DAVIS v. STATE OF NEW JERSEY
OPINION. Signed by Chief Judge Jerome B. Simandle on 2/7/2017. (TH, )
UNITED STATES DISTRICT COURT
DISTRICT OF NEW JERSEY
NAKEEMA Z. DAVIS,
HONORABLE JEROME B. SIMANDLE
No. 16-cv-06699 (JBS-AMD)
STATE OF NEW JERSEY,
Nakeema Z. Davis, Plaintiff Pro Se
293 Ablett Village
Camden, NJ 08105
SIMANDLE, Chief District Judge:
Plaintiff Nakeema Z. Davis seeks to bring a civil
rights complaint pursuant to 42 U.S.C. § 1983 against the State
of New Jersey. Complaint, Docket Entry 1.
Section 1915(e)(2) requires a court to review
complaints prior to service in cases in which a plaintiff is
proceeding in forma pauperis. The Court must sua sponte dismiss
any claim that is frivolous, is malicious, fails to state a
claim upon which relief may be granted, or seeks monetary relief
from a defendant who is immune from such relief. This action is
subject to sua sponte screening for dismissal under 28 U.S.C.
§ 1915(e)(2)(B) because Plaintiff is proceeding in forma
For the reasons set forth below, the Court will
dismiss the complaint without prejudice for failure to state a
claim. 28 U.S.C. § 1915(e)(2)(b)(ii).
To survive sua sponte screening for failure to state a
claim, the complaint must allege “sufficient factual matter” to
show that the claim is facially plausible. Fowler v. UPMS
Shadyside, 578 F.3d 203, 210 (3d Cir. 2009) (citation omitted).
“A claim has facial plausibility when the plaintiff pleads
factual content that allows the court to draw the reasonable
inference that the defendant is liable for the misconduct
alleged.” Fair Wind Sailing, Inc. v. Dempster, 764 F.3d 303, 308
n.3 (3d Cir. 2014). “[A] pleading that offers ‘labels or
conclusions’ or ‘a formulaic recitation of the elements of a
cause of action will not do.’” Ashcroft v. Iqbal, 556 U.S. 662,
678 (2009) (quoting Bell Atlantic Corp. v. Twombly, 550 U.S.
544, 555 (2007)).
Plaintiff presumably seeks monetary damages1 from the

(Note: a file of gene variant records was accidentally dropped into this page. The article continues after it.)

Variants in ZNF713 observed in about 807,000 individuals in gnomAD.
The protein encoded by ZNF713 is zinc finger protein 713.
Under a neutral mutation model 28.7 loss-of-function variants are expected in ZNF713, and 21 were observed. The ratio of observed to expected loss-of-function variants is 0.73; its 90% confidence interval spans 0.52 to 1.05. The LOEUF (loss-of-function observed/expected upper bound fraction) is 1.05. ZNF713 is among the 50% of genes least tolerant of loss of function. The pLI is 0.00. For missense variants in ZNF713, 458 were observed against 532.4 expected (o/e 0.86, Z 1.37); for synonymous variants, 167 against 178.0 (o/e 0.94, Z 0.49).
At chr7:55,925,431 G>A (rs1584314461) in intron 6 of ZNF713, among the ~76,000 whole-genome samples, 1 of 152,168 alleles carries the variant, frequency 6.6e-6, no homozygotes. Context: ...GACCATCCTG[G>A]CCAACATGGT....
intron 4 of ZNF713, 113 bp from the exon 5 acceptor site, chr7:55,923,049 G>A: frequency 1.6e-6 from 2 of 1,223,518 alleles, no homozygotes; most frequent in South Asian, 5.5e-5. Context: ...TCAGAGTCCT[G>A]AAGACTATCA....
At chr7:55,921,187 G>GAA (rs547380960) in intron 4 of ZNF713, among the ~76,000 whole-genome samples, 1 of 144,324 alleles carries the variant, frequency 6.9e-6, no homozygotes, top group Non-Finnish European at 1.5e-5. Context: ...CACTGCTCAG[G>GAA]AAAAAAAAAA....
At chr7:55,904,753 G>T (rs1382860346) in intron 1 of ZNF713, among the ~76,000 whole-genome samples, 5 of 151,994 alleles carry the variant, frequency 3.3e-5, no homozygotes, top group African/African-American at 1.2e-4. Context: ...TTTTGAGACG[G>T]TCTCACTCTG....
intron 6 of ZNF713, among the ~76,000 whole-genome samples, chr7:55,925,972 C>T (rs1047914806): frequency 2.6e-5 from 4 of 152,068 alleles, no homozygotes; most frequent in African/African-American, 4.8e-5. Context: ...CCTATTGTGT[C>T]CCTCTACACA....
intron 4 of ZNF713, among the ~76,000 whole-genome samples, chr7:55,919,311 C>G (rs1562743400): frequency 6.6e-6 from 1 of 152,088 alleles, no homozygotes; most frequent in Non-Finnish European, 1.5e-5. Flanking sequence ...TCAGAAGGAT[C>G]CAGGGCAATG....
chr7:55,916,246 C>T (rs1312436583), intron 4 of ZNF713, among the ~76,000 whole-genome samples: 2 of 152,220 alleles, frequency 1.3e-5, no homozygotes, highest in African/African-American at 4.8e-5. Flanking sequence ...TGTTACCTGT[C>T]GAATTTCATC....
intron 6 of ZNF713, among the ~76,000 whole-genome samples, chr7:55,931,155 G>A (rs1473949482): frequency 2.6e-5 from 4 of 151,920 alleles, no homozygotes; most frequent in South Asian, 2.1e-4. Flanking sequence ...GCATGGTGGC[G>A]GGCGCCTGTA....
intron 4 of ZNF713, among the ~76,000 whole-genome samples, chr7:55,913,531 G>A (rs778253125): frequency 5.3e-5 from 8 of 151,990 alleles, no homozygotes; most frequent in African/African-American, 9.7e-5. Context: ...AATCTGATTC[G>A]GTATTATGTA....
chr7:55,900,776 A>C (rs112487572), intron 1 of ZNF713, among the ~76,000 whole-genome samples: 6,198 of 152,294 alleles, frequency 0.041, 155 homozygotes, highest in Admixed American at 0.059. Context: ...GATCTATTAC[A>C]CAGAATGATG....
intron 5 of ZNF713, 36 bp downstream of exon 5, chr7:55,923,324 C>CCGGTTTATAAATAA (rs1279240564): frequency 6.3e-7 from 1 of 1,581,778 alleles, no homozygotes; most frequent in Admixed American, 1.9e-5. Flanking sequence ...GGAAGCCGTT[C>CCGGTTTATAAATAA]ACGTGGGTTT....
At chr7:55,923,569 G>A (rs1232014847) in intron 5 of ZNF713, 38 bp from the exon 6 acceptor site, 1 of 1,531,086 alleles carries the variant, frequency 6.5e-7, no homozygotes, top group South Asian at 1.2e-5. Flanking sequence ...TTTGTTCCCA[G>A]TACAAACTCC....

State of New Jersey for allegedly unconstitutional conditions of
confinement. The Eleventh Amendment to the United States
Constitution provides: “The Judicial power of the United States
shall not be construed to extend to any suit in law or equity,
commenced or prosecuted against one of the United States by
Plaintiff has not stated specific requested relief in the
Citizens of another State, or by Citizens or Subjects of any
Foreign State.” U.S. Const. amend. XI. Plaintiff may not bring a
suit against the State in federal court unless Congress has
expressly abrogated New Jersey's sovereign immunity or the State
consents to being sued in federal court. Will v. Michigan Dep't
of State Police, 491 U.S. 58, 66 (1989). Here, Congress did not
expressly abrogate sovereign immunity when it passed § 1983, see
id., and there is no indication New Jersey has consented to
Plaintiff's suit. The claims against the State of New Jersey
therefore must be dismissed with prejudice.
Plaintiff may be able to amend the complaint to name
state actors who were personally involved in the alleged
unconstitutional conditions of confinement, however. To that
end, the Court shall grant Plaintiff leave to amend the
complaint within 30 days of the date of this order.
Plaintiff is advised that the amended complaint must
plead sufficient facts to support a reasonable inference that a
constitutional violation has occurred in order to survive this
Court’s review under § 1915. Plaintiff alleges she experienced
unconstitutional conditions during “several” confinements at the
Camden County Correctional Facility (“CCCF”) between 2010 and
2016. Complaint § III. The fact section of the complaint states:
“During the whole time of my stay I was sleeping on a thin mat
on the floor. With two sheets, a half of towel and a thin wool
blanket near the toilet or under the bed by the door.” Id. Even
accepting the statement as true for screening purposes only,